A Few Righteous Men: Imperfect Information, Quit-for-Tat, and Critical Mass in the Dynamics of Cooperation
Charles River Associates (CRA)
Steven C. Salop
Georgetown University Law Center
ECONOMICS FOR AN IMPERFECT WORLD: ESSAYS IN HONOR OF JOSEPH STIGLITZ, 2 vols., Richard Arnott, Bruce Greenwald, Ravi Kanbur, and Barry Nalebuff, Eds., MIT Press, Forthcoming
This paper explores cooperation incentives in the absence of public reputation information, using an infinite-horizon Prisoners' Dilemma model of sequential relationships. We examine a strategy which we call Quit-for-Tat (QFT). In this model, individuals initially are paired randomly. In the equilibrium with identical profit-maximizing individuals, each initially cooperates with some probability. If both cooperate, they form a long-term cooperative relationship until one dies. If one defects, then the victim quits the relationship and both are paired with others. Defection is not public information, but known only to the victim. There are three possible steady-state equilibria, one in which each person defects every period and, under certain conditions, two partial cooperation QFT equilibria. In these QFT equilibria, a fraction of individuals cooperate initially with new partners (or each individual follows a mixed strategy in the initial interaction with a new partner) and then follow a QFT strategy thereafter. Given this basic structure, if there arises a critical mass of ethical or religious families (a moral minority) who never defect in the initial interaction, but follow QFT afterwards, these "righteous" people (and their righteous offspring) induce a cooperation bandwagon and dramatically increase the equilibrium amount of cooperation in society, despite the lack of public reputation information. Moreover, if the discount rate tends to zero, then the required critical mass of the righteous also tends to zero.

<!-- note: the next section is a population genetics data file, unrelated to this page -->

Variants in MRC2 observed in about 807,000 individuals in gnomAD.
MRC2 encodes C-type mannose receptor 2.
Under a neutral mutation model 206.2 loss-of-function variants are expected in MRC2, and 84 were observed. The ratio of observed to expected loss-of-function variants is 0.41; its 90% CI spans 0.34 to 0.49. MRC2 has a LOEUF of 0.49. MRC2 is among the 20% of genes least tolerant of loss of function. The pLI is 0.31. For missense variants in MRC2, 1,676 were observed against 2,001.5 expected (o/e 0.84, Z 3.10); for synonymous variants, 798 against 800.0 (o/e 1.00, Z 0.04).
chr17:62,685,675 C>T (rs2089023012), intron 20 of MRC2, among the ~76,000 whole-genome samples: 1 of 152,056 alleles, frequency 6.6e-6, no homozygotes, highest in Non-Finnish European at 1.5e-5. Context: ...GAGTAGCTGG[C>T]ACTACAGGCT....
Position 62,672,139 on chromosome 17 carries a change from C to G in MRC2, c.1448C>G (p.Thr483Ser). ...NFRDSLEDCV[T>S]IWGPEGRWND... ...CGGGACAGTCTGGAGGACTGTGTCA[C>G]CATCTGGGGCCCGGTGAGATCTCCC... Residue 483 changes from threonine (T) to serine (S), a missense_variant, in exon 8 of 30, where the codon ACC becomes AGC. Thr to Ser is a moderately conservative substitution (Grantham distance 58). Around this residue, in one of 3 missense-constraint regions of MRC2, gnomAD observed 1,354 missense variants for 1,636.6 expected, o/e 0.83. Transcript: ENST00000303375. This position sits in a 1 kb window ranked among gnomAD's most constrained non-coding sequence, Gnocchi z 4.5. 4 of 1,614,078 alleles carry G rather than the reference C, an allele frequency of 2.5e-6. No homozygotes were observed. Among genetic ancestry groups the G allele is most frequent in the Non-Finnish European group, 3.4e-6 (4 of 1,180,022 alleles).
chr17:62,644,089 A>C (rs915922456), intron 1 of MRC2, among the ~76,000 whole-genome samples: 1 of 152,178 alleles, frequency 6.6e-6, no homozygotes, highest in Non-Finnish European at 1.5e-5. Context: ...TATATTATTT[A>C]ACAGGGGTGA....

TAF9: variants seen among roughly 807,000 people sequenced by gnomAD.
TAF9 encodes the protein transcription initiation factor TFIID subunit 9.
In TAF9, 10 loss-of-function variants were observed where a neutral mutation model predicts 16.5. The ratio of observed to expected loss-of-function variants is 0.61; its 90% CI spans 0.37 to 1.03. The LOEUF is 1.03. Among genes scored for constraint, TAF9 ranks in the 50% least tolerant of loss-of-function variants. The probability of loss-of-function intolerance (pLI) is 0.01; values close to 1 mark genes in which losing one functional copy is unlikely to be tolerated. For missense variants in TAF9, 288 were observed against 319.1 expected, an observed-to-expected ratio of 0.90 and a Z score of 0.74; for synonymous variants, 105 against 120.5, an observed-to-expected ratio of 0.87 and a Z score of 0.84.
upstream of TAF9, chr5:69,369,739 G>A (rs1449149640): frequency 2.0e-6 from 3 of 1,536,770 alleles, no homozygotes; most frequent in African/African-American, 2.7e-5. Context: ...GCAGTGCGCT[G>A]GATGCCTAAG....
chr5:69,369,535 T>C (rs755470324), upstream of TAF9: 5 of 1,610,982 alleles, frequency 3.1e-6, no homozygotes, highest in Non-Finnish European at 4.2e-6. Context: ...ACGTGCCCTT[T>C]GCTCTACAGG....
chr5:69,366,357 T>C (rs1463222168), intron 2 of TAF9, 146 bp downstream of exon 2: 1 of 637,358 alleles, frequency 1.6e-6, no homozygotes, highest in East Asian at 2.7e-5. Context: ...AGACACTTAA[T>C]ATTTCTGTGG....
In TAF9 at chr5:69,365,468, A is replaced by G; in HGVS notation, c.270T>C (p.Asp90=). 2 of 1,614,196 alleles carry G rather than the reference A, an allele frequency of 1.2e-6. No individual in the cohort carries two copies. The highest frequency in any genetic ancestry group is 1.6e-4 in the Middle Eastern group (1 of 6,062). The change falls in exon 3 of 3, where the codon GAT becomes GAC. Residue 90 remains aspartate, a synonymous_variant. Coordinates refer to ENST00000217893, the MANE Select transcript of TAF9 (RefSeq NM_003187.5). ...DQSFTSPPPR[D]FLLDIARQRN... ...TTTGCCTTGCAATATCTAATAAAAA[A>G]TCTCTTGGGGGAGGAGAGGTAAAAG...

Number of Pages in PDF File: 21
Keywords: Prisoners' Dilemma, random matching, imperfect information, altruism, law and economics, behavioral economics
JEL Classification: C72, C73, D82, D64Accepted Paper Series
Date posted: August 23, 2002
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